If those cases could be applied to cars, there’s another slam dunk for the Panther. And the Town Car, specifically.

    • 0 avatar
      86er

      Most people don’t use their cars in such a way that they’d benefit from the Panther’s advantages…

      Psar, since we’re using selective examples, I’ll give you one of my own (and I can’t let you off the hook that easily :) )

      My partner and I recently took a 3000-km round trip through Alberta in my Vic, and I can’t imagine anything else that would’ve melted the miles away better.

      This was preceded by a 1700-km round trip to northern Saskatchewan, where the roads were, um, sometimes this side of non-existent.  Still, no complaints from my back or from the passenger.

      I don’t even mind driving the Vic around town.  It drives smaller than it is, and parallel parking is a breeze with the 8 window design.

      So, I suppose what I’m saying is that I went into the purchase of this vehicle with my eyes open.  The tint on my glasses isn’t rose-coloured, nor was I delusional about anything (to my knowledge).  It’s highly insulting to be suggested otherwise.  I adopt a live-and-let-live approach, and as such don’t even bother reading threads about small cars or anything else that doesn’t pique my interest, let alone commenting disparagingly.

      I find it abhorrent that this continent produced these cars, which were indeed “purpose-built” – they were designed for this continent, and now we can’t wait to bury them and climb back into our Toyotas.  Where’s the pride?  What a pathetic, throwaway society we live in.

    • 0 avatar
      th009

      @Sajeev,
       
      Ford can make F-150s in a zillion trim levels profitably because they sell hundreds of thousands of them.  On the other hand, if you add up TC + CV + GM, it’s still a very small number (and I’m not convinced that the margins are particularly high); re-engineering these to last another 5-10 years may just not make financial sense.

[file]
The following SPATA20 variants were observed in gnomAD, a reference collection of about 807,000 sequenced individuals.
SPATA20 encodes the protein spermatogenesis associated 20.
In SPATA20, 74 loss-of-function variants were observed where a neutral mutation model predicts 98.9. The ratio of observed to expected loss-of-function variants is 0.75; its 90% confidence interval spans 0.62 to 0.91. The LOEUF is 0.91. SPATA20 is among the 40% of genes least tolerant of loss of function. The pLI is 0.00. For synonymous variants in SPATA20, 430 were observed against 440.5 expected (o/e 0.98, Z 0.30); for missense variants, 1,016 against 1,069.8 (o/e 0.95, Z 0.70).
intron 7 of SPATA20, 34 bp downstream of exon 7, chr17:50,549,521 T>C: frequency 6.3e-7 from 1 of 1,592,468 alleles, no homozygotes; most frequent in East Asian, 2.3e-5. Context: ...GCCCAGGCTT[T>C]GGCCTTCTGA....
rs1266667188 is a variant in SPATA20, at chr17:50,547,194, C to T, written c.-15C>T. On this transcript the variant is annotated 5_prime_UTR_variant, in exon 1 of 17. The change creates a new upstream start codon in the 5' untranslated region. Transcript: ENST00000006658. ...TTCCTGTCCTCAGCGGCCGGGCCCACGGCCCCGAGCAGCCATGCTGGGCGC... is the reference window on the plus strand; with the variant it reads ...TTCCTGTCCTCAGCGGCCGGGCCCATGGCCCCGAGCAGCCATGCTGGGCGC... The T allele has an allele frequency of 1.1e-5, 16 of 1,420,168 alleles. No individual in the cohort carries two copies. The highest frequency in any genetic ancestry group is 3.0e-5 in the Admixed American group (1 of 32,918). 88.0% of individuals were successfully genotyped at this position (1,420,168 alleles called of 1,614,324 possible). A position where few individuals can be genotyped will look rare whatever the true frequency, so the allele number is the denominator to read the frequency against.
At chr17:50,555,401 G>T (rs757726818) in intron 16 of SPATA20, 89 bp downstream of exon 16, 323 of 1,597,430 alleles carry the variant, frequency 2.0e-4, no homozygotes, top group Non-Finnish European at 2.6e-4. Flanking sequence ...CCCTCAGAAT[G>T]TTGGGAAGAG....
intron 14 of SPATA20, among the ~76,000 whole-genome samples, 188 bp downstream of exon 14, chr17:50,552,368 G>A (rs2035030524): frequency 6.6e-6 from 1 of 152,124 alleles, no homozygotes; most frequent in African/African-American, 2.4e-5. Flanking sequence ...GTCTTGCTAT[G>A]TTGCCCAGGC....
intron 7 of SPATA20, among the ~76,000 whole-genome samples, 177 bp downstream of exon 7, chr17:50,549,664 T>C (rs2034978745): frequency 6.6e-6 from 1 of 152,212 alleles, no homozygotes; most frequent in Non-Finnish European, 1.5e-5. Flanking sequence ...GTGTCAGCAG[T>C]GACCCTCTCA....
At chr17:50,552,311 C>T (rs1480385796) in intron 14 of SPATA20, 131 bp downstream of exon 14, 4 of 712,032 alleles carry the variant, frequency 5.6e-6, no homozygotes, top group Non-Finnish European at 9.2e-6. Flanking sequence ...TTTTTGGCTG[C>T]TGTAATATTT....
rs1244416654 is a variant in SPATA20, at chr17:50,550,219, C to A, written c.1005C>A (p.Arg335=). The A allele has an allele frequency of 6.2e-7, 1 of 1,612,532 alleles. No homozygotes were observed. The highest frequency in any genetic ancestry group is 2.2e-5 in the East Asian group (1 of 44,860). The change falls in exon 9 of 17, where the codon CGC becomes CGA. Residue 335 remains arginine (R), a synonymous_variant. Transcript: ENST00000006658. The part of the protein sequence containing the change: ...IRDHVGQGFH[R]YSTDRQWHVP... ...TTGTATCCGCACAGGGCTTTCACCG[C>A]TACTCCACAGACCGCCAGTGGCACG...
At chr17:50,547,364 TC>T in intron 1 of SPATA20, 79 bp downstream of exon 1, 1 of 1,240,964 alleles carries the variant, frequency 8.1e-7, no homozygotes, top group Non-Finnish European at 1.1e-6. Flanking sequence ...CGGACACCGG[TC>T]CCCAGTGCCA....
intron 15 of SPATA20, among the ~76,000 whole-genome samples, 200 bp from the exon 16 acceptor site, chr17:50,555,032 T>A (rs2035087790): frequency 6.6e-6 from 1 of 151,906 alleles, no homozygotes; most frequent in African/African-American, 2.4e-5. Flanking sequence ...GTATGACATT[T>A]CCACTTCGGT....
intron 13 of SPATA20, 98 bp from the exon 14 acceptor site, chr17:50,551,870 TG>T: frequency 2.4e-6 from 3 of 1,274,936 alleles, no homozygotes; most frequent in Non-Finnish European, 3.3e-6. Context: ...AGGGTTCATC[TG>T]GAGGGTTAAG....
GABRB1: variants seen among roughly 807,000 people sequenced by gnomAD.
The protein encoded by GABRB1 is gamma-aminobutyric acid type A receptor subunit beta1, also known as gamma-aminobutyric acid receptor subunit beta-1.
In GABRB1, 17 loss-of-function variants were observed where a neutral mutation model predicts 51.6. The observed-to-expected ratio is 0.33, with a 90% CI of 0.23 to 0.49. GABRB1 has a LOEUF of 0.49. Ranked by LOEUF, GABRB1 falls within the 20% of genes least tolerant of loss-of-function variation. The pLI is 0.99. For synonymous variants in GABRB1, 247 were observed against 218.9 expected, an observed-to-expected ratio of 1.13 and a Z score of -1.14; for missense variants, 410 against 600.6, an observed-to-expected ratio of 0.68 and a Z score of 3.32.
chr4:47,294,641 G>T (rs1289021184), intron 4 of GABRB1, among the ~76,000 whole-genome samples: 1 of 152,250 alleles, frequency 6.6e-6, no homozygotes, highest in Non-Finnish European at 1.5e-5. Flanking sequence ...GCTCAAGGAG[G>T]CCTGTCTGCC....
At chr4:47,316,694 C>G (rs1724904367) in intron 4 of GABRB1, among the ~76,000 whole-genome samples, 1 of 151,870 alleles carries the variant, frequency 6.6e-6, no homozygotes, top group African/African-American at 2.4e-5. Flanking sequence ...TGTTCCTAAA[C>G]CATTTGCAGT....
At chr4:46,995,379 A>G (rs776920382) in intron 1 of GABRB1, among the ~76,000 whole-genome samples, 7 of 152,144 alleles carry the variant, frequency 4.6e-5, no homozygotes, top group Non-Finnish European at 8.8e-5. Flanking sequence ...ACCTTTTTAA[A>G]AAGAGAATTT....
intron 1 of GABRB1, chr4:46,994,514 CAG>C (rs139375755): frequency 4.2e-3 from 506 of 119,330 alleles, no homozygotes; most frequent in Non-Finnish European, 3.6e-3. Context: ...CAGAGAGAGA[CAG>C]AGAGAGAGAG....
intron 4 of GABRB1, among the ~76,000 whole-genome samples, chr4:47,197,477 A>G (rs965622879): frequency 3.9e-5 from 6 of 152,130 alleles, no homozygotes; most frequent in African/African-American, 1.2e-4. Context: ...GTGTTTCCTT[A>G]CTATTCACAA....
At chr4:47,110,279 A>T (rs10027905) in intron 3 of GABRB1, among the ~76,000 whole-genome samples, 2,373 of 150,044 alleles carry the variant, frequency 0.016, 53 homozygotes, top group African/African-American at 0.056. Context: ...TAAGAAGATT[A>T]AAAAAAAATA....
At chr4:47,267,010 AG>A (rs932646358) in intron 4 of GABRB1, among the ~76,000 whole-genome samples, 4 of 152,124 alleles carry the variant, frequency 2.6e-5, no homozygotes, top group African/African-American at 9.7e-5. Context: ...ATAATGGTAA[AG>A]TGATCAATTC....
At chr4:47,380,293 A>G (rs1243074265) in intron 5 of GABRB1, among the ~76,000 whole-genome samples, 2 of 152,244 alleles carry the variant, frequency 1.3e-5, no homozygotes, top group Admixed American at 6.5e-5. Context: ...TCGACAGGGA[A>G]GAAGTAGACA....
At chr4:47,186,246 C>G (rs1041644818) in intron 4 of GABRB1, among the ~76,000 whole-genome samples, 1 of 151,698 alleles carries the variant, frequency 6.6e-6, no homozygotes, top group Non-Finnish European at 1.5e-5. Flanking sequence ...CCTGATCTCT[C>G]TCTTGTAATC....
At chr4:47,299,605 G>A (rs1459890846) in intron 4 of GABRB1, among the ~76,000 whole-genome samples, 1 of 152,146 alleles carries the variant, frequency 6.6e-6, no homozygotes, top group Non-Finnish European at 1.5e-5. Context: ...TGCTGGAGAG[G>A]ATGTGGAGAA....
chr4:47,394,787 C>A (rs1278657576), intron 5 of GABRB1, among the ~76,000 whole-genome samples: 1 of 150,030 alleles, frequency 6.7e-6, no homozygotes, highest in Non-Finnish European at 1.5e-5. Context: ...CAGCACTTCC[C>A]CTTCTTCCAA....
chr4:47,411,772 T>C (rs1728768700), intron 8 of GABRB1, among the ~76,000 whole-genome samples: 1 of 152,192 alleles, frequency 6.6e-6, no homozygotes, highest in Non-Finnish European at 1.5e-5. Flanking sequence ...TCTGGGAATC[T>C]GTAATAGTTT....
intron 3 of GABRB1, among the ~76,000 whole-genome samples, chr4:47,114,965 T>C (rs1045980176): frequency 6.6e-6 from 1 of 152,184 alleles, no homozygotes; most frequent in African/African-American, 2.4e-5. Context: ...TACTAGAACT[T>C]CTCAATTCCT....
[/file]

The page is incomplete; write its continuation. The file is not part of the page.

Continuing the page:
But it will be interesting to see what the livery operators switch to.  Neither Taurus nor Avalon are particularly luxurious, and DTS will be history, too.  Maybe the new-for-2012 Lucerne, at least in less hostile environments than Manhattan?  For airport livery operation, the fuel economy does matter, too, and the current Lucerne is 5 mpg better than the Suburban.

    • 0 avatar
      psarhjinian

      86er:Psar, since we’re using selective examples, I’ll give you one of my own (and I can’t let you off the hook that easily :) )

      Fair point, but your usage pattern isn’t typical.  Most people drive under 40 miles (hence the Volt/Leaf/etc range targets) and so so two to three times a day.  They don’t go bombing through an urban wasteland like New York (or Toronto, or whatever) and they don’t cruise for thousands of miles on end.

      For that purpose, a Camry is a better car for most people.  Or an Accord, Fusion, Malibu or whatever.

      You’re right that you went into your purchase eyes-open, though, and your car works for you, which is good.  It’s the same reason that I’m not going to say most people should be driving CDI Smart Fortwos, and yet we pick on Smart buyers far more mercilessly for buying a “niche” car.**

      Fair disclosure: I almost bought a Smart, but I needed at least a notional back seat.

      86er:I find it abhorrent that this continent produced these cars, which were indeed “purpose-built” – they were designed for this continent, and now we can’t wait to bury them and climb back into our Toyotas.  Where’s the pride?  What a pathetic, throwaway society we live in.